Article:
Baby boomer Steven Weingarten lives in Puerto Rico. Why? Well, that’s his story.
Many people fantasize about picking up stakes and moving to a tropical island to run a small hotel. I’m not one of those people. I’ve never had such a dream.
But here’s the reality. It’s 4 pm on a gloomy November afternoon in 1995 and I’m gazing out the window of my Great Neck, Long Island law office watching the large snow flakes float towards the cold concrete below. I feel the chill in my bones and the need to get warm soon. I go to the library (remember those?) and bring home a bunch of guidebooks to study. To my surprise I learn that Puerto Rico has a central mountain chain in addition to its famed beaches.
The first stop on the trip is a four night stay at Parador Casa Grande, a 20 room hideaway in the heart of the Cordillera Central. The two hour drive from the San Juan airport in a rental car is challenging and arduous. The mountain roads are narrow and the local drivers too adventurous and daring. But the weather is ideal and I’m looking forward to practicing my rusty Spanish that I haven’t used since high school.
We arrive at dusk and to our surprise the place has few guests staying on Christmas Eve. It soon becomes apparent why.
The place is in serious disrepair. The water in the swimming pool is a dark soupy green. There are no chairs, lounges, or umbrellas in sight. I bring a towel from my room to lie down on next to the pool. The bedroom floor has wall-to-wall carpeting (not a good idea in a super-humid, hot, sticky environment) and the bedclothes have a nubby, sandy feeling. The tiles are falling off the bathroom walls and the tubs are badly stained and rusted. The tiny sink is screwed to the wall and its intestines are in plain sight below. The towels are threadbare and rough to the feel. The hacienda, the main house, is no better, being dimly lit in the evening with soiled and rickety furniture. The place wreaks of neglect.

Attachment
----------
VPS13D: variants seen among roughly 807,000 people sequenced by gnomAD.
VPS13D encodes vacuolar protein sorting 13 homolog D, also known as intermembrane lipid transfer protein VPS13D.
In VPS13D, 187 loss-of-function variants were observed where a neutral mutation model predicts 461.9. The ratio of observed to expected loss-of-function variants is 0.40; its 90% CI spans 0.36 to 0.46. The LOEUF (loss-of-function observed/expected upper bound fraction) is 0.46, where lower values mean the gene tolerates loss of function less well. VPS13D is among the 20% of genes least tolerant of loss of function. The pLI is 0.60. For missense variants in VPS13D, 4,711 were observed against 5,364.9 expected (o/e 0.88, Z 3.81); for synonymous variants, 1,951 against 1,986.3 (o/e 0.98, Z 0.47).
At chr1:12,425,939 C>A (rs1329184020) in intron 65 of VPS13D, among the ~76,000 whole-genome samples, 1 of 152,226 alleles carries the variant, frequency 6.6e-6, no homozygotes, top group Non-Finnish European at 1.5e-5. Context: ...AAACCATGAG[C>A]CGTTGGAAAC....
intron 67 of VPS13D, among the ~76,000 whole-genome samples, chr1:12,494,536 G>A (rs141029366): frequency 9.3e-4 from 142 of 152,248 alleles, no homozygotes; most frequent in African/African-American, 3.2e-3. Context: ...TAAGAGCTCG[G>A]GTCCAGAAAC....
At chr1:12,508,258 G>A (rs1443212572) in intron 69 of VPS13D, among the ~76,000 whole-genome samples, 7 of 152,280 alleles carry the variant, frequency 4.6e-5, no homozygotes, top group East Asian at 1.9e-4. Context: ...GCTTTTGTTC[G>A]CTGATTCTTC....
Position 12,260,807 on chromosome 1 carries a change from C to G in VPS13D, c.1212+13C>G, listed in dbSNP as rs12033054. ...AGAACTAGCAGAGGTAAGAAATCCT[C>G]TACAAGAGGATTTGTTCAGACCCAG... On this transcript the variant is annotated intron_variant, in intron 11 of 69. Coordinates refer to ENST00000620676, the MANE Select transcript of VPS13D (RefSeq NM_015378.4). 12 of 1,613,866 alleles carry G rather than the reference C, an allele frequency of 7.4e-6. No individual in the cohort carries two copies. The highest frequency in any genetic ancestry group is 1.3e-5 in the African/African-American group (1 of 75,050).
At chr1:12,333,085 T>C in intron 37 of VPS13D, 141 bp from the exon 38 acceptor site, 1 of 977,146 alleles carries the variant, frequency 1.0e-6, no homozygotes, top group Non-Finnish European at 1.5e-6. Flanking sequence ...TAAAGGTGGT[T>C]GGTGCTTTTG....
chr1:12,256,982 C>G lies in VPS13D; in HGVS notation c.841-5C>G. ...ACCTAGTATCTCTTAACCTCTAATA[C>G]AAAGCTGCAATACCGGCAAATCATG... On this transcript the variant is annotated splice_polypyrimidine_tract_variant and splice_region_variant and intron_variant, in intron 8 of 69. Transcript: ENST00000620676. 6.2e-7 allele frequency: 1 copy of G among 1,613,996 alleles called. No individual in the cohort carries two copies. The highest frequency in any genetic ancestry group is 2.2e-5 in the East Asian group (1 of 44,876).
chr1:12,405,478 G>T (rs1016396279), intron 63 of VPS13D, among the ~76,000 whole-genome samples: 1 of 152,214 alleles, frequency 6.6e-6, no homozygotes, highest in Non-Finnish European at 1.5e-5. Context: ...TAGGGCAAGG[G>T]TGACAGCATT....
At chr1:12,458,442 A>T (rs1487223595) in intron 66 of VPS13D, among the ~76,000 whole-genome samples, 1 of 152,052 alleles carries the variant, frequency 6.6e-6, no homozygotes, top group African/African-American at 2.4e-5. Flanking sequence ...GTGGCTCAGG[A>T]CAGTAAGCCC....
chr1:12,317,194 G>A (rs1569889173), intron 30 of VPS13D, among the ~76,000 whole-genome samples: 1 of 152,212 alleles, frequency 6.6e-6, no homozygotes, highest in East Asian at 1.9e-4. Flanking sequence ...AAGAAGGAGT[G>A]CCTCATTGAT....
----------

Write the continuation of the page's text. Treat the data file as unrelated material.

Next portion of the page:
For some reason the staff starts talking it up with me and giving me the lowdown. Their payroll checks are bouncing regularly. The owner hasn’t been making room tax payments to the local treasury department for years. Payroll taxes are due to the IRS and foreclosure is imminent. The front desk manager shows me the reservations book and at one point bursts out, “You know you really should buy this place!” I’m a bit startled by the suggestion but inhale it anyway.
Days later when we arrive at our final stop on the trip at an elegant beach resort on the west coast of the island, I corner the owner and tell him I’m considering buying a small hotel in the central mountains and ask him if he thinks I’m crazy. “I don’t think you’re crazy but you’re in for a lot of work,” he answers.
Twenty years later, I’m still here, living a dream I never had.
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